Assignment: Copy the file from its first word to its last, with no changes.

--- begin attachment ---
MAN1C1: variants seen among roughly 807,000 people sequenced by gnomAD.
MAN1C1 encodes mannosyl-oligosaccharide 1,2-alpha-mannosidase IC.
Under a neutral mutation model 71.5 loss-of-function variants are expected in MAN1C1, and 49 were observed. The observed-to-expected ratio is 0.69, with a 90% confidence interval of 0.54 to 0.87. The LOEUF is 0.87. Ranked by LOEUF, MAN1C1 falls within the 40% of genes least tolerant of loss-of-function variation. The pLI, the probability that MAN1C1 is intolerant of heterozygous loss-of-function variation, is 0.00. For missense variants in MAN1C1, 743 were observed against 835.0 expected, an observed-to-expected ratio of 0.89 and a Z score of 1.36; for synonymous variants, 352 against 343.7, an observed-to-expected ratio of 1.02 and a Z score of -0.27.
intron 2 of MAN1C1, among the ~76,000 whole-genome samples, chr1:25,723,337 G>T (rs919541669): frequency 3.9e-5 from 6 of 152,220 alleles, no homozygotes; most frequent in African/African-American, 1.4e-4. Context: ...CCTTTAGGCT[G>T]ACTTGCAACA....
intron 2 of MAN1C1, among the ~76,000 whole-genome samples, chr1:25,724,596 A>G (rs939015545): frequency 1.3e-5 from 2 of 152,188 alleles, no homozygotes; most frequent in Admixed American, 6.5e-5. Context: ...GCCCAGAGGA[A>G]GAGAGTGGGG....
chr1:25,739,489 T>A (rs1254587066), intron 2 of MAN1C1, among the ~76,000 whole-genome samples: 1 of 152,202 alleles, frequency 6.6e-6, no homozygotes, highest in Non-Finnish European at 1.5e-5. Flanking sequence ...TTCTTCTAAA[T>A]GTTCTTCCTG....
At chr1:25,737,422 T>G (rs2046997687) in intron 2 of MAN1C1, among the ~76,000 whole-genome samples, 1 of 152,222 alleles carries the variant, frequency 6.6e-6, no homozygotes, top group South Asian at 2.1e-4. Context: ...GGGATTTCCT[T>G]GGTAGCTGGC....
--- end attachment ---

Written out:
MAN1C1: variants seen among roughly 807,000 people sequenced by gnomAD.
MAN1C1 encodes mannosyl-oligosaccharide 1,2-alpha-mannosidase IC.
Under a neutral mutation model 71.5 loss-of-function variants are expected in MAN1C1, and 49 were observed. The observed-to-expected ratio is 0.69, with a 90% confidence interval of 0.54 to 0.87. The LOEUF is 0.87. Ranked by LOEUF, MAN1C1 falls within the 40% of genes least tolerant of loss-of-function variation. The pLI, the probability that MAN1C1 is intolerant of heterozygous loss-of-function variation, is 0.00. For missense variants in MAN1C1, 743 were observed against 835.0 expected, an observed-to-expected ratio of 0.89 and a Z score of 1.36; for synonymous variants, 352 against 343.7, an observed-to-expected ratio of 1.02 and a Z score of -0.27.
intron 2 of MAN1C1, among the ~76,000 whole-genome samples, chr1:25,723,337 G>T (rs919541669): frequency 3.9e-5 from 6 of 152,220 alleles, no homozygotes; most frequent in African/African-American, 1.4e-4. Context: ...CCTTTAGGCT[G>T]ACTTGCAACA....
intron 2 of MAN1C1, among the ~76,000 whole-genome samples, chr1:25,724,596 A>G (rs939015545): frequency 1.3e-5 from 2 of 152,188 alleles, no homozygotes; most frequent in Admixed American, 6.5e-5. Context: ...GCCCAGAGGA[A>G]GAGAGTGGGG....
chr1:25,739,489 T>A (rs1254587066), intron 2 of MAN1C1, among the ~76,000 whole-genome samples: 1 of 152,202 alleles, frequency 6.6e-6, no homozygotes, highest in Non-Finnish European at 1.5e-5. Flanking sequence ...TTCTTCTAAA[T>A]GTTCTTCCTG....
At chr1:25,737,422 T>G (rs2046997687) in intron 2 of MAN1C1, among the ~76,000 whole-genome samples, 1 of 152,222 alleles carries the variant, frequency 6.6e-6, no homozygotes, top group South Asian at 2.1e-4. Context: ...GGGATTTCCT[T>G]GGTAGCTGGC....